The decreased replicative capacity of SIVmac239delta nef is manifest in cultures of immature dendritic cells and T cells
Messmer,Davorka; Ignatius,Ralf; Santisteban,Christine; Steinman,Ralph M.; Pope,Melissa
Journal of Virology 74(5): 2406-2413
Publication date: 2000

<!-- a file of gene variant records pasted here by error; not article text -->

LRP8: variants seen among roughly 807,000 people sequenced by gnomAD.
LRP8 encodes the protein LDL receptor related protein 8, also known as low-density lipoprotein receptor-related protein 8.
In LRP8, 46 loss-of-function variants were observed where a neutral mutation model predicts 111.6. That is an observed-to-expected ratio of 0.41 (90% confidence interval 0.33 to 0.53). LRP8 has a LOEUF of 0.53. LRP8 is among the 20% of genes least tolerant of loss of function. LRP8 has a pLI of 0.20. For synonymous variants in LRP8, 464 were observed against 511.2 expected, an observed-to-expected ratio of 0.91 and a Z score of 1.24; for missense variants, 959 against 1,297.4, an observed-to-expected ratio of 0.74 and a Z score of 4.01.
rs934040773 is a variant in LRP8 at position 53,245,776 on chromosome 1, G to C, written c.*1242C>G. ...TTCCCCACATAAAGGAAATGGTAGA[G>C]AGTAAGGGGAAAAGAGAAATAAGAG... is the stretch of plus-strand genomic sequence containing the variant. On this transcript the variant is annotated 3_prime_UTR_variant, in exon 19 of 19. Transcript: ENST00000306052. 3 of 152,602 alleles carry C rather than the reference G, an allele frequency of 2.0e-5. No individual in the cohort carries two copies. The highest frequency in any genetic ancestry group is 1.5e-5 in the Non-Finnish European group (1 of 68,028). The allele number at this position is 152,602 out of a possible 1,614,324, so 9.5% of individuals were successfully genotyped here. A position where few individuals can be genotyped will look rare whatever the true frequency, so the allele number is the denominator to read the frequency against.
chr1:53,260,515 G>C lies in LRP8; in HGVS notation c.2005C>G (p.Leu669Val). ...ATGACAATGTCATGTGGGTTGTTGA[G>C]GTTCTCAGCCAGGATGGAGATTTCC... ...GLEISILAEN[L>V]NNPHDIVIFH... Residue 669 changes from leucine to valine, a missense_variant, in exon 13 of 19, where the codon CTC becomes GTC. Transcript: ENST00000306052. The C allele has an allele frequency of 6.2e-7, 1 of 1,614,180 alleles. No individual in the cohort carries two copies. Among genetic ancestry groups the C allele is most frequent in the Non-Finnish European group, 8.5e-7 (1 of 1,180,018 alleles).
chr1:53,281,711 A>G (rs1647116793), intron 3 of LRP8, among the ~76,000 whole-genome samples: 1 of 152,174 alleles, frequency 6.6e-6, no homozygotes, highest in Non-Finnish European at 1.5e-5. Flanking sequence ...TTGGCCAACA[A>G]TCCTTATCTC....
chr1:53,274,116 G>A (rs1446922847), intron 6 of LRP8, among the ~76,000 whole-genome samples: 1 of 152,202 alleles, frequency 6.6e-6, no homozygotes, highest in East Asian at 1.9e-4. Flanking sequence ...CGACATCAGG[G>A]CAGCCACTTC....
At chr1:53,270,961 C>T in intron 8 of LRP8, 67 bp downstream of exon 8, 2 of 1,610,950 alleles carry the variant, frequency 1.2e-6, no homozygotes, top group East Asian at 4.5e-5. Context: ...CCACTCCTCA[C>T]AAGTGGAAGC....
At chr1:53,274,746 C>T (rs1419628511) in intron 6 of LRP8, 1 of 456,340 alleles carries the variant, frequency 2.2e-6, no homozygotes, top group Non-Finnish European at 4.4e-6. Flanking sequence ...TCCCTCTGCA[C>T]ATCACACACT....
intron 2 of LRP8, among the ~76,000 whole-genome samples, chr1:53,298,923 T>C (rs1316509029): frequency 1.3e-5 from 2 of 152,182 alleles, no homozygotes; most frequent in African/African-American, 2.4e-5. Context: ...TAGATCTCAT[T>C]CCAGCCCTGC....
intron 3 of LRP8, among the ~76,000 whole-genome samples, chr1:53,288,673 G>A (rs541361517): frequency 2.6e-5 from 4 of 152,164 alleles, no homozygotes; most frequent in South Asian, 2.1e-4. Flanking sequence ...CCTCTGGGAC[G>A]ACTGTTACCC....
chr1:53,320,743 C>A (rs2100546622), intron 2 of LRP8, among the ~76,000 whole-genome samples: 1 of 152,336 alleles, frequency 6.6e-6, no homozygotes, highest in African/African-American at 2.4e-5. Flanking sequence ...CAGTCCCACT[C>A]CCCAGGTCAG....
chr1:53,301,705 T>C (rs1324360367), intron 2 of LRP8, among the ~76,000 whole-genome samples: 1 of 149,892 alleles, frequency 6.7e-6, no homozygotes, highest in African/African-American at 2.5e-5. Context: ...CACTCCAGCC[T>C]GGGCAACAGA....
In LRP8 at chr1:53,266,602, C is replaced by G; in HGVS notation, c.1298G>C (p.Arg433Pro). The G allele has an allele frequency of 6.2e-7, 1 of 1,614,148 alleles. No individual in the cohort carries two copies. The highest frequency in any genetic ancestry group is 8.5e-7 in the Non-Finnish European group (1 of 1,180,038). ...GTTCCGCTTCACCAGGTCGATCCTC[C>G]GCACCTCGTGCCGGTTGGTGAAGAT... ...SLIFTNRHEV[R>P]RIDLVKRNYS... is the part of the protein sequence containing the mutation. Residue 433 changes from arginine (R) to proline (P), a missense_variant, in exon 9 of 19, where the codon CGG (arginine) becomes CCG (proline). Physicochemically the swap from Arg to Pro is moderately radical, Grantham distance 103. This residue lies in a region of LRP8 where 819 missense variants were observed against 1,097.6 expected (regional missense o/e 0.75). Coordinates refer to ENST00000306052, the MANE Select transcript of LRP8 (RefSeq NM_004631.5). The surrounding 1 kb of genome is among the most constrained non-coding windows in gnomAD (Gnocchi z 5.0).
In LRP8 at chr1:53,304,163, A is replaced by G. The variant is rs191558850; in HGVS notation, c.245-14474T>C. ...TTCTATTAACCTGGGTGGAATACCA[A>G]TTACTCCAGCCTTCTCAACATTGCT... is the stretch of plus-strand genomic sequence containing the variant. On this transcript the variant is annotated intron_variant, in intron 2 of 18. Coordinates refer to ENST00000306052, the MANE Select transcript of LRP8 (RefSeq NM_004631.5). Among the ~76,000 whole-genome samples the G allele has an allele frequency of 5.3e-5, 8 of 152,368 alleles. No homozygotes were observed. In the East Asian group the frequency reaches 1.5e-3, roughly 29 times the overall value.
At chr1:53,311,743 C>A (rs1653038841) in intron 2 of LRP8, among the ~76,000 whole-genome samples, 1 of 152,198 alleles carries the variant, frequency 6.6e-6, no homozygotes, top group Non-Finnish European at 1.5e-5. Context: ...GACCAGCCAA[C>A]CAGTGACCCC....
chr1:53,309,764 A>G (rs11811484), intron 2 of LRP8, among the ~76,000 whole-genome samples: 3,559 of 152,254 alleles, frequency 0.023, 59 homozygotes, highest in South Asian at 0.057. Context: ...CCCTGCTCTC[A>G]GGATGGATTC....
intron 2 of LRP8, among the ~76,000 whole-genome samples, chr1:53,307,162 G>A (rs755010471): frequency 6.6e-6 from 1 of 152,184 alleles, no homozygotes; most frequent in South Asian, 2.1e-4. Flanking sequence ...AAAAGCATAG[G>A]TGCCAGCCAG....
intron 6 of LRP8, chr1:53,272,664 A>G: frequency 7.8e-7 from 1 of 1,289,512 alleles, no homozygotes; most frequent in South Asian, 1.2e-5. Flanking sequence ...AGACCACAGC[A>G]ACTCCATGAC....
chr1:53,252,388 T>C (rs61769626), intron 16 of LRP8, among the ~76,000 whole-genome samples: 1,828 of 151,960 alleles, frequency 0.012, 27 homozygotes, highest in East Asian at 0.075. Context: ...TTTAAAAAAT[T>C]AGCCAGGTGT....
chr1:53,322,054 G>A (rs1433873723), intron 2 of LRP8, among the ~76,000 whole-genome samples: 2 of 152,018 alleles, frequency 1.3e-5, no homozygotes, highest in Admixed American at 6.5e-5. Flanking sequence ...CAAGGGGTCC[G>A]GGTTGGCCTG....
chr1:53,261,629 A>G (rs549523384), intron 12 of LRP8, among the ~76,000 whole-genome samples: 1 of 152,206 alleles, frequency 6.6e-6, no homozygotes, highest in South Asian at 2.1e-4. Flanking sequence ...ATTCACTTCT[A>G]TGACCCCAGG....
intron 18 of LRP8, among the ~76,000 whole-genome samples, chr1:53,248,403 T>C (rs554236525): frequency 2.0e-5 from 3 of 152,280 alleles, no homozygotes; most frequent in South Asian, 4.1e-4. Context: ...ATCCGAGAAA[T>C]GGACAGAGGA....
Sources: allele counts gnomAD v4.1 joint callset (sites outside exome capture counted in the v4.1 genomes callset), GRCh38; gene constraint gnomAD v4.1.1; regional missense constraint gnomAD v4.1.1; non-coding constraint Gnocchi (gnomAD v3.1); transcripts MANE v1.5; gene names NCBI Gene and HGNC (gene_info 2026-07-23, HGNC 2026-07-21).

Transmission of simian immunodeficiency virus SIVmac239nef (nef) to macaques results in attenuated replication of the virusin most animals and ultimately induces protection against challengewith some pathogenic, wild-type SIV strains. It has been difficult,however, to identify a culture system in which the replicationof nef is severely reduced relative to that of the wild type.We have utilized a primary culture system consisting of blood-deriveddendritic cells (DCs) and autologous T cells. When the DCs werefully differentiated or mature, the DC-CD4 T-cell mixtures supported replication of both the parental SIVstrain, 239 (the wild type), and its mutant with nef deleted (nef),irrespective of virus dose and the cell type introducing the virusto the coculture. In contrast, when immature DCs were exposedto nef and cocultured with T cells, virus replication was significantlylower than that of the wild type. Activation of the cultures witha superantigen allowed both nef and the wild type to replicatecomparably in immature DC-T-cell cultures. Immature DCs, which,it has been hypothesized, capture and transmit SIV in vivo, aredeficient in supporting replication of nef in vitro and may contributeto the reduced pathogenicity of nef invivo.